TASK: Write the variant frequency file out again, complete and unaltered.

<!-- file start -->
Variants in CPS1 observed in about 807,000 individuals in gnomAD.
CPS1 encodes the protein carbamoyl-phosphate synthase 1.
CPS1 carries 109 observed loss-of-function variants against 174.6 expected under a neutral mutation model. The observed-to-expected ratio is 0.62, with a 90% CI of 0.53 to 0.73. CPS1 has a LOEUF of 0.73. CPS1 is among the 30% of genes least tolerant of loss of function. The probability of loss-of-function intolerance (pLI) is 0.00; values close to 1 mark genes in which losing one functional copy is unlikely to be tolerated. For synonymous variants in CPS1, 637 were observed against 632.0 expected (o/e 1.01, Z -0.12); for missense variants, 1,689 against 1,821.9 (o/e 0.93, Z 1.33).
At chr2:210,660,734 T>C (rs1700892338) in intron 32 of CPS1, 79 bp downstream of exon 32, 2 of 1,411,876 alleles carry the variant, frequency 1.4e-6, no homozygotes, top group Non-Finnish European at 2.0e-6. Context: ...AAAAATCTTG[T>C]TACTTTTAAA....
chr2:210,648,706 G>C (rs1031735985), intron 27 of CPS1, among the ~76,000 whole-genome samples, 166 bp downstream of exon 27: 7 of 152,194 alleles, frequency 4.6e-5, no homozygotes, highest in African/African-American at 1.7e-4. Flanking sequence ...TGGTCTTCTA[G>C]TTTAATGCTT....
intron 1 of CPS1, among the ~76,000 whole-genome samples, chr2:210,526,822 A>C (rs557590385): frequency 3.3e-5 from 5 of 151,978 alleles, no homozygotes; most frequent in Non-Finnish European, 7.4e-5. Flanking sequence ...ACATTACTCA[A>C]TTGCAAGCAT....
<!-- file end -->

Variants in CPS1 observed in about 807,000 individuals in gnomAD.
CPS1 encodes the protein carbamoyl-phosphate synthase 1.
CPS1 carries 109 observed loss-of-function variants against 174.6 expected under a neutral mutation model. The observed-to-expected ratio is 0.62, with a 90% CI of 0.53 to 0.73. CPS1 has a LOEUF of 0.73. CPS1 is among the 30% of genes least tolerant of loss of function. The probability of loss-of-function intolerance (pLI) is 0.00; values close to 1 mark genes in which losing one functional copy is unlikely to be tolerated. For synonymous variants in CPS1, 637 were observed against 632.0 expected (o/e 1.01, Z -0.12); for missense variants, 1,689 against 1,821.9 (o/e 0.93, Z 1.33).
At chr2:210,660,734 T>C (rs1700892338) in intron 32 of CPS1, 79 bp downstream of exon 32, 2 of 1,411,876 alleles carry the variant, frequency 1.4e-6, no homozygotes, top group Non-Finnish European at 2.0e-6. Context: ...AAAAATCTTG[T>C]TACTTTTAAA....
chr2:210,648,706 G>C (rs1031735985), intron 27 of CPS1, among the ~76,000 whole-genome samples, 166 bp downstream of exon 27: 7 of 152,194 alleles, frequency 4.6e-5, no homozygotes, highest in African/African-American at 1.7e-4. Flanking sequence ...TGGTCTTCTA[G>C]TTTAATGCTT....
intron 1 of CPS1, among the ~76,000 whole-genome samples, chr2:210,526,822 A>C (rs557590385): frequency 3.3e-5 from 5 of 151,978 alleles, no homozygotes; most frequent in Non-Finnish European, 7.4e-5. Flanking sequence ...ACATTACTCA[A>C]TTGCAAGCAT....